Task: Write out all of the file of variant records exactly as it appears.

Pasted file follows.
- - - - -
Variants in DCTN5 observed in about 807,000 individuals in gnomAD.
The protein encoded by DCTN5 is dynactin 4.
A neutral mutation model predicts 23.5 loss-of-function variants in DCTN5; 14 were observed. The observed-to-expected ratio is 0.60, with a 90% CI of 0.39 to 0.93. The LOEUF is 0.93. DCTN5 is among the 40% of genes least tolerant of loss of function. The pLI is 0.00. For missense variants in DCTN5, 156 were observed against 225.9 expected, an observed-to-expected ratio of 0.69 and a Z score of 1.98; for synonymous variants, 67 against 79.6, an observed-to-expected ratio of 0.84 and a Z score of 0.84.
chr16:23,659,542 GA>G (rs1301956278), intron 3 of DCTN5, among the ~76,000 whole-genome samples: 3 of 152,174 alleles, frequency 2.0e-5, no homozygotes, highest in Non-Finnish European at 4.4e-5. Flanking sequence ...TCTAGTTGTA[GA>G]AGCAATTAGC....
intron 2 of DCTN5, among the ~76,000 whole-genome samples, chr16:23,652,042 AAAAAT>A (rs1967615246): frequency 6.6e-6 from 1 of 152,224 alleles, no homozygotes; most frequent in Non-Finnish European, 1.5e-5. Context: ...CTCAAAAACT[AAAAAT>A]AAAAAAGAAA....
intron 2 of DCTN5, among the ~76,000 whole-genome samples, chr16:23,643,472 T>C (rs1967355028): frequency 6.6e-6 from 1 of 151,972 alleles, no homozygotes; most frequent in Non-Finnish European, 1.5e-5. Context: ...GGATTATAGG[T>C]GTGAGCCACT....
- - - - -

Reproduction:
Variants in DCTN5 observed in about 807,000 individuals in gnomAD.
The protein encoded by DCTN5 is dynactin 4.
A neutral mutation model predicts 23.5 loss-of-function variants in DCTN5; 14 were observed. The observed-to-expected ratio is 0.60, with a 90% CI of 0.39 to 0.93. The LOEUF is 0.93. DCTN5 is among the 40% of genes least tolerant of loss of function. The pLI is 0.00. For missense variants in DCTN5, 156 were observed against 225.9 expected, an observed-to-expected ratio of 0.69 and a Z score of 1.98; for synonymous variants, 67 against 79.6, an observed-to-expected ratio of 0.84 and a Z score of 0.84.
chr16:23,659,542 GA>G (rs1301956278), intron 3 of DCTN5, among the ~76,000 whole-genome samples: 3 of 152,174 alleles, frequency 2.0e-5, no homozygotes, highest in Non-Finnish European at 4.4e-5. Flanking sequence ...TCTAGTTGTA[GA>G]AGCAATTAGC....
intron 2 of DCTN5, among the ~76,000 whole-genome samples, chr16:23,652,042 AAAAAT>A (rs1967615246): frequency 6.6e-6 from 1 of 152,224 alleles, no homozygotes; most frequent in Non-Finnish European, 1.5e-5. Context: ...CTCAAAAACT[AAAAAT>A]AAAAAAGAAA....
intron 2 of DCTN5, among the ~76,000 whole-genome samples, chr16:23,643,472 T>C (rs1967355028): frequency 6.6e-6 from 1 of 151,972 alleles, no homozygotes; most frequent in Non-Finnish European, 1.5e-5. Context: ...GGATTATAGG[T>C]GTGAGCCACT....